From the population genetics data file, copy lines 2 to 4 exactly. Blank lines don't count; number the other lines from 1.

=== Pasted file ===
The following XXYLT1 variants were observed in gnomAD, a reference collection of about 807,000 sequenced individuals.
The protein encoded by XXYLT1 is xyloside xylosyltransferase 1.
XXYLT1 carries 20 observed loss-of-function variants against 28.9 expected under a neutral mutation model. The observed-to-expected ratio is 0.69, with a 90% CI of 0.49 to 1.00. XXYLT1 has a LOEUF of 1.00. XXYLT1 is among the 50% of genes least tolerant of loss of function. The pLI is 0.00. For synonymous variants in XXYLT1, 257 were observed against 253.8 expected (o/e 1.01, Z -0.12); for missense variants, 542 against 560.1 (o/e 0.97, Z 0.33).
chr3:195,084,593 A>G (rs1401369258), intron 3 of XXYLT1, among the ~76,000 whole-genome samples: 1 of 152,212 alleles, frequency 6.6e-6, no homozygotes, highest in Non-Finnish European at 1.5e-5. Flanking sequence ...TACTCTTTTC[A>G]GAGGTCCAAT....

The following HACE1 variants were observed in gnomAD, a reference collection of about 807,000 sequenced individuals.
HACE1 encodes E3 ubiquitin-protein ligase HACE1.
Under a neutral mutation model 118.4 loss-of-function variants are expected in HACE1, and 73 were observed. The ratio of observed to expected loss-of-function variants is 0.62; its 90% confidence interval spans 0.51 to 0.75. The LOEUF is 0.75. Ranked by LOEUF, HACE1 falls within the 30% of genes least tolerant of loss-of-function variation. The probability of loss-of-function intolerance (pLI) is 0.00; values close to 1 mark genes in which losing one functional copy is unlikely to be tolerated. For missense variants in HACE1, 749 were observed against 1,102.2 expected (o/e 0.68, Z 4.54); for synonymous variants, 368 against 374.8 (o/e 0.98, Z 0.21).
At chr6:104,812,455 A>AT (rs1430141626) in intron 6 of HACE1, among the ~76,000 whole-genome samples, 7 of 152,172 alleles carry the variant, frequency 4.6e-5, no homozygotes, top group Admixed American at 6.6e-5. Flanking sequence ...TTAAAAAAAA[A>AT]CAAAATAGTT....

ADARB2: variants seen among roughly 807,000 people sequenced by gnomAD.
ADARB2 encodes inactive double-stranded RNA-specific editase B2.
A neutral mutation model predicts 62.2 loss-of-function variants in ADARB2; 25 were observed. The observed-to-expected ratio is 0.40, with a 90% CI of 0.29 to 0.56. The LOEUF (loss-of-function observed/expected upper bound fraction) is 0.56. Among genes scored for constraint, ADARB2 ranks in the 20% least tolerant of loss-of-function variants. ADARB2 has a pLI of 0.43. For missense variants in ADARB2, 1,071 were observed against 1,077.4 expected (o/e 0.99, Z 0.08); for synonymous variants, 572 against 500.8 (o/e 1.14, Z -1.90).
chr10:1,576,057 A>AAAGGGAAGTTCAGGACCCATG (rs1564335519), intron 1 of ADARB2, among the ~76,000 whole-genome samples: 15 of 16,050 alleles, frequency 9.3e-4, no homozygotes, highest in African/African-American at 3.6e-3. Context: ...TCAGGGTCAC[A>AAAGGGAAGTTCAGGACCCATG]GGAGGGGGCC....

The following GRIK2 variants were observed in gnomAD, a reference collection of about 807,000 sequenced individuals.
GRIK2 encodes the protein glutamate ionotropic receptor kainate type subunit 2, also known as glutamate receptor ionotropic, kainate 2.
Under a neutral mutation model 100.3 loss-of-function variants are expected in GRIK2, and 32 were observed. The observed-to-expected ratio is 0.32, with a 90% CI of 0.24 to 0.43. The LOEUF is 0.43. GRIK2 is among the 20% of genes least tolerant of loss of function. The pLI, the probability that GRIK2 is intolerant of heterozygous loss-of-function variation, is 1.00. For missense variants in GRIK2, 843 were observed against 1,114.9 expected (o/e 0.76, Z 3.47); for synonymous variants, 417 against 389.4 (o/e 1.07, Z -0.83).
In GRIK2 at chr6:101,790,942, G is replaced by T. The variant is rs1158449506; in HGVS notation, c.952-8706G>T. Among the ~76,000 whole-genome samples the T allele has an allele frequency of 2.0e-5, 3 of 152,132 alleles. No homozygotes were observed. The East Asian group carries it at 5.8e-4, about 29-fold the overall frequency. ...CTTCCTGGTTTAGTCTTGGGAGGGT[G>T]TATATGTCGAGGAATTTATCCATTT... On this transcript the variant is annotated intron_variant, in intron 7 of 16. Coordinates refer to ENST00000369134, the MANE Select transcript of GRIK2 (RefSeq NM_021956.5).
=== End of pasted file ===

The protein encoded by XXYLT1 is xyloside xylosyltransferase 1.
XXYLT1 carries 20 observed loss-of-function variants against 28.9 expected under a neutral mutation model. The observed-to-expected ratio is 0.69, with a 90% CI of 0.49 to 1.00. XXYLT1 has a LOEUF of 1.00. XXYLT1 is among the 50% of genes least tolerant of loss of function. The pLI is 0.00. For synonymous variants in XXYLT1, 257 were observed against 253.8 expected (o/e 1.01, Z -0.12); for missense variants, 542 against 560.1 (o/e 0.97, Z 0.33).
chr3:195,084,593 A>G (rs1401369258), intron 3 of XXYLT1, among the ~76,000 whole-genome samples: 1 of 152,212 alleles, frequency 6.6e-6, no homozygotes, highest in Non-Finnish European at 1.5e-5. Flanking sequence ...TACTCTTTTC[A>G]GAGGTCCAAT....